The reform of local self-government in Montenegro does not progress as fast as envisaged. The problems of insufficient transferring of responsibilities to the local level, as well as the accompanying fiscal decentralization, which have been recognized as central in strategic framework for the reform of public administration, are still crucial in this process.
When civil service system is concerned, municipalities are (not) adapting to the provisions of the Law on Civil Servants and State Employees from 2011, since even eighteen months after the beginning of its implementation, they still have not met formal preconditions for its implementation at the local level. Draft Law on Amendments and Changes of the Law on Local Self-Government from July 2013, refers to the procedures governing employment at the local level, but these provisions have not been adopted yet, do not regulate this field in a precise way and do not provide explanation of what is implied by appropriate application of these solutions. Additionally, draft Strategy for Professional Development of Local Civil Servants and Employees in Montenegro indicates an inability to adequately apply numerous solutions from the Law on Civil Servants and State Employees at the local level.
Most of the local self-government units in Montenegro have a surplus of employees, and the exceptions are municipalities of Mojkovac, Plužine and Tivat where is “estimated” that the current number of employees is optimal. Rationalization does not give significant results, in spite of the need for reduction of pressure on local budgets, i.e. disproportion between the scope of competencies and number of employees. Surplus of employees affects the increase of expenditures, and in the first quarter of 2014 expenditures were close to 70 million EUR. Public Sector Internal Reorganization Plan gives a projection according to which by 2016 in local self-governments there will be 1024 employees less, which would make a saving of up to 10 million EUR. During the first year of implementation of the Public Sector Reorganization Plan certain rationalization of the number of employees in the municipalities has been carried out, but none of the municipalities have adopted the plan to reduce the number of employees or performed the analysis necessary to determine the qualified personnel that needs to be kept in the local government, so the question arises which criteria was used in the rationalization process.
Apart from the fact that there is a large number of „redundant” employees, municipalities are faced with inadequate age structure of employees and lack of highly professional staff. The inability to make a realistic estimate of the necessary number of employees and their educational profile indicates that there is a widespread problem of inadequate planning, whereas the surplus of employees is directly linked with party based employment. Public administration in Montenegro is still highly politicized although this topic is in the focus of attention of the European Commission, and its de-politization is a precondition in further progress of the negotiation process.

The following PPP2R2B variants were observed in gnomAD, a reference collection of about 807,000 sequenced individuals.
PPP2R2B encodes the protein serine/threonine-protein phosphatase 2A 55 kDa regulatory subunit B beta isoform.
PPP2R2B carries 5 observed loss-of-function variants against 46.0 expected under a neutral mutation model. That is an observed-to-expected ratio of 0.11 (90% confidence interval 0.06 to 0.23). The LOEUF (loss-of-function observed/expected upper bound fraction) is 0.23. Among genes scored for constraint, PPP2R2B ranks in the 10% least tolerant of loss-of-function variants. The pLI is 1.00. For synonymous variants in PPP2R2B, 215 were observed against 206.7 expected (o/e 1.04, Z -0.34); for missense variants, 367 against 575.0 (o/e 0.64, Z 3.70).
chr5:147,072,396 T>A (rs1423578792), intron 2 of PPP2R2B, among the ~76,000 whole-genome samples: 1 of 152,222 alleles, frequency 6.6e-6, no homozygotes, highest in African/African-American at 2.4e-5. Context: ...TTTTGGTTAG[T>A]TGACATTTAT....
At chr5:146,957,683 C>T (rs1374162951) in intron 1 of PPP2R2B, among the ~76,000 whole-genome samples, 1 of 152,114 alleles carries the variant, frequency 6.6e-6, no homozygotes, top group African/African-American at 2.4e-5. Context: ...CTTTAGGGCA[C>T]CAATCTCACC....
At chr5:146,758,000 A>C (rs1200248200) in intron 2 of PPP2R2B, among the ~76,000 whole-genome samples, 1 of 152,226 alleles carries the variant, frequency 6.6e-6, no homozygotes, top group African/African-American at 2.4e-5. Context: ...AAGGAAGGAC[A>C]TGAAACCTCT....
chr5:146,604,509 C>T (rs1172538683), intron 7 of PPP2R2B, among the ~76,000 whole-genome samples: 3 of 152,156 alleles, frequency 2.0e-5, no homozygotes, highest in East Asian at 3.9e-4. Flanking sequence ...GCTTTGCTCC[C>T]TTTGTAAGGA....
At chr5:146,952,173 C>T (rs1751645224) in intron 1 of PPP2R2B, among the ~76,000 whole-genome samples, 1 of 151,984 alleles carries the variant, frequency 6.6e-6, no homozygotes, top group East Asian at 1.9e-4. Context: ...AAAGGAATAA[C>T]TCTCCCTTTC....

The impossibility to determine the optimal number of employees in municipalities is an indicator of poor human resources planning. Public Sector Internal Reorganization Plan did not manage to contribute to the improvement of the planning process, as it has foreseen drafting of necessary analysis of the optimal number of employees only a year after the adoption of the document which provides a projection of rationalization.
Municipalities do not have developed capacities for human resources management in the form of special services tasked with planning, formulating of training plans and conducting of recruitment procedures and adequate appliance of the new solutions from the Law on Civil Servants and State Employees which came into effect in January 2013. Currently, human resources are managed by Secretariats for General Administration, Local Self-Government and Chief Administrator.
Local self-governments covered by this research have recruited 90 employees on the basis of 64 public and internal announcements and competitions in 2013. Municipalities Danilovgrad and Kolašin did not advertise open vacancies, and Municipality Herceg Novi only allows access into decisions on employment in the premises of the municipality. Public enterprises and institutions recruit employees not using personnel policies of the local administration.
Personnel record of the employees are not updated regularly, nor do they exist in all local self-governments, so this makes it difficult to monitor their performance, which would allow for a realistic assessment. Application of the new performance appraisal system is encountering difficulties in application at the local level, and in 2013 performance appraisals have not been conducted in Bar, Kotor, Mojkovac, Nikšić, Pljevlja and Šavnik. Insufficient motivation of local civil servants and employees is also affected by the low salaries. In 2012, a total of 13 local self-governments (out of 21) had lower average net earnings as compared to the state level.
Text is originally published in the Electronic Monthly Magazine for European Integration “European Pulse“, published by the Centre for Civic Education